You can follow Steve on Twitter at @timbuckteeth

 

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iTablet Teaching: the impact made on engagement and achievement.

It has been six months since Tim Powell-Jones, Diploma Learning Technologies Coordinator at INTO UEA London, introduced iPads as learning tools to his students on the International Business Diploma programme at INTO UEA London. His motivation: to develop new ways of helping students understand the content in their subject classes and engage with English language and culture.

Following on from Tim’s first blog in July of last year, what impact has this technology made on the classroom dynamic?

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Massification and Inspiration through online learning – Part two of two: Humans and computers; when galaxies collide!

Photo courtesy of Abigail Grant.

The closing session of the Sloan Consortium  18th international conference for online learning followed the two themes that I set out in my first post; Massification and Inspiration. The wittily delivered presentation, “Citizen Science- Authentic Participation in Research” was delivered to  an overwhelmingly US audience by fellow Brit Arfon Smith and left me feeling humbled, inspired and strangely proud.

Arfon Smith is Director of Citizen Science at the Adler Planetarium in Chicago and Technical Lead of the web-based citizen science platform Zooniverse. He leads a team of developers, educators and scientists who build citizen science projects across a range of disciplines including solar physics, papyrology and biodiversity.

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Massification and Inspiration through online learning – Part one of two: Can you create an intimate learning environment through MOOCs?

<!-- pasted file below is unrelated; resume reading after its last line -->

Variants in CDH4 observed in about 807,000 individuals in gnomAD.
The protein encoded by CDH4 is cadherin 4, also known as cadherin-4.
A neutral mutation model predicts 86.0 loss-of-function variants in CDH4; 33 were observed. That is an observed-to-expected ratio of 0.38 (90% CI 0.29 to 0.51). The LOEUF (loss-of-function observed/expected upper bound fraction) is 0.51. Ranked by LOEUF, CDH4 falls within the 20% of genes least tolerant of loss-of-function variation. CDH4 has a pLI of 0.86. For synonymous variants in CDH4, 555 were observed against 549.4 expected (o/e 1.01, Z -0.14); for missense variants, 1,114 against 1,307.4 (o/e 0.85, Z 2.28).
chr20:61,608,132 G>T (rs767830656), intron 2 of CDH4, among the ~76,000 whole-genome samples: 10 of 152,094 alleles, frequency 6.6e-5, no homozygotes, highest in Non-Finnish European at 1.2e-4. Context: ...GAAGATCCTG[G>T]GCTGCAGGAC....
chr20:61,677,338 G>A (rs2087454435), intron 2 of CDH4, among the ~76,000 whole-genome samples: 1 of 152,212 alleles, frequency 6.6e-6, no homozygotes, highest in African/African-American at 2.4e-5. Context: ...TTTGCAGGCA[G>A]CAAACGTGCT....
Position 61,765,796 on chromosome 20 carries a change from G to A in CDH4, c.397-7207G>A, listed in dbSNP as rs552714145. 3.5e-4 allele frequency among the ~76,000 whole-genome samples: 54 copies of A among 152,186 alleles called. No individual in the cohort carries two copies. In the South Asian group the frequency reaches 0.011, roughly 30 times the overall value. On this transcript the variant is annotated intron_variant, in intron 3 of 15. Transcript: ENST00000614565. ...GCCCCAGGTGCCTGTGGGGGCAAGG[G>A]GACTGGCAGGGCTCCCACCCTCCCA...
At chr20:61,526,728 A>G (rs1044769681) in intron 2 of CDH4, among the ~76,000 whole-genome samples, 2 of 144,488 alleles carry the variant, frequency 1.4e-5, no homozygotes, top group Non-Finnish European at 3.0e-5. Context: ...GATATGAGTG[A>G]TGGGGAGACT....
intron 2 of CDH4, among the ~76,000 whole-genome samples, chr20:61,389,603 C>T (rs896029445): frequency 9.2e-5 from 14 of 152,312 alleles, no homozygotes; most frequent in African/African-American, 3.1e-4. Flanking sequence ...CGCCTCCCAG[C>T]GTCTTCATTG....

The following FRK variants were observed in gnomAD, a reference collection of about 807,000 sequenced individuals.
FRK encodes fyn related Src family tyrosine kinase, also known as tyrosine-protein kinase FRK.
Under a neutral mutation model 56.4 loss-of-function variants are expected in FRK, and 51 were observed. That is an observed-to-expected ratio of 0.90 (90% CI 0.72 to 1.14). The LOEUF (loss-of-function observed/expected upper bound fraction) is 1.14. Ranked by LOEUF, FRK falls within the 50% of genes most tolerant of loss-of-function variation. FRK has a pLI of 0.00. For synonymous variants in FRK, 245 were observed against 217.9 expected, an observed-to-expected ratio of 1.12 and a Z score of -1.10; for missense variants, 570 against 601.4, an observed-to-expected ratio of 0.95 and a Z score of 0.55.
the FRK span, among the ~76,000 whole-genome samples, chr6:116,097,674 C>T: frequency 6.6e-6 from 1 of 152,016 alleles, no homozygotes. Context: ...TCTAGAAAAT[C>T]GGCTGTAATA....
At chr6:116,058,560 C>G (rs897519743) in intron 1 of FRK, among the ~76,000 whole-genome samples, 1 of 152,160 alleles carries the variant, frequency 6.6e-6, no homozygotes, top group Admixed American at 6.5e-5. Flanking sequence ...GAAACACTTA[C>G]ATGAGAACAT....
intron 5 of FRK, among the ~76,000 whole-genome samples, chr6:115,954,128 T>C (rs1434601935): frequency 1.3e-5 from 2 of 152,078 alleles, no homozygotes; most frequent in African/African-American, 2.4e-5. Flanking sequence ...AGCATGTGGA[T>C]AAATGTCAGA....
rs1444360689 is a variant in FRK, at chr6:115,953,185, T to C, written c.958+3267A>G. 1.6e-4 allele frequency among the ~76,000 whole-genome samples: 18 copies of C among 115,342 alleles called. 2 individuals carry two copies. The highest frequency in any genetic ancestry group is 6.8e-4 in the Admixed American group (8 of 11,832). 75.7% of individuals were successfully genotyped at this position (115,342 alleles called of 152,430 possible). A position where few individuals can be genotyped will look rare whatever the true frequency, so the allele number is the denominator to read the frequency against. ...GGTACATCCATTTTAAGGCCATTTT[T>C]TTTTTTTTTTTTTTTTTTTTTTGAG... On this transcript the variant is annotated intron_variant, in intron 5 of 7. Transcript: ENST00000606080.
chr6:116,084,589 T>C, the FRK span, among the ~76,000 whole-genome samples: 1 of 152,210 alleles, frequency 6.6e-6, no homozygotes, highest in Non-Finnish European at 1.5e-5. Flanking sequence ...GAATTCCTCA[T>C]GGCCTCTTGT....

Two weeks ago, I attended the Sloan Consortium’s 18th annual international conference for online learning in the US . Seeing that many of the over 1,500 attendees have been involved in online learning for many years, it’s not surprising that the current ‘MOOC mania,’ (massive open online courses) was viewed by many with scepticism.

Sebastian Thrun, founder of MOOC provider Udacity, had a hard pitch when he delivered the opening plenary session “Democratising Education” on day two of the conference. He is a Stanford professor and was the creator of the first MOOC. The famous A.I. open course that in September of last year attracted over 160,000 students to enrol in 7 days. “On the 8th day the University Administration asked me to drop by for a chat!” he told us. A story which won over a sizeable portion of the audience.

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It Ain’t What You Do

During a lull in a long meeting over the summer, a couple of colleagues at INTO were wrestling over our “elevator pitch” – what makes us distinctive. And we then broadened it out to think about ways in which universities can communicate their distinctiveness, a word appearing on many people’s lips across the sector. It’s difficult  when there is so much change and much analysis is unremittingly bleak.

The first years of this decade have brought us funding challenges on both sides of the Atlantic, the emergence of the discerning customer, disruptive market entrants to higher education, confusing and poorly executed government policy on student visas and so on.  It’s not easy being a traditional university in this environment. Moreover, after years of steady and quota-secured growth in tertiary enrolments, universities are facing serious structural challenges as various quasi-markets are created by government policy. The squeezed middle is very real.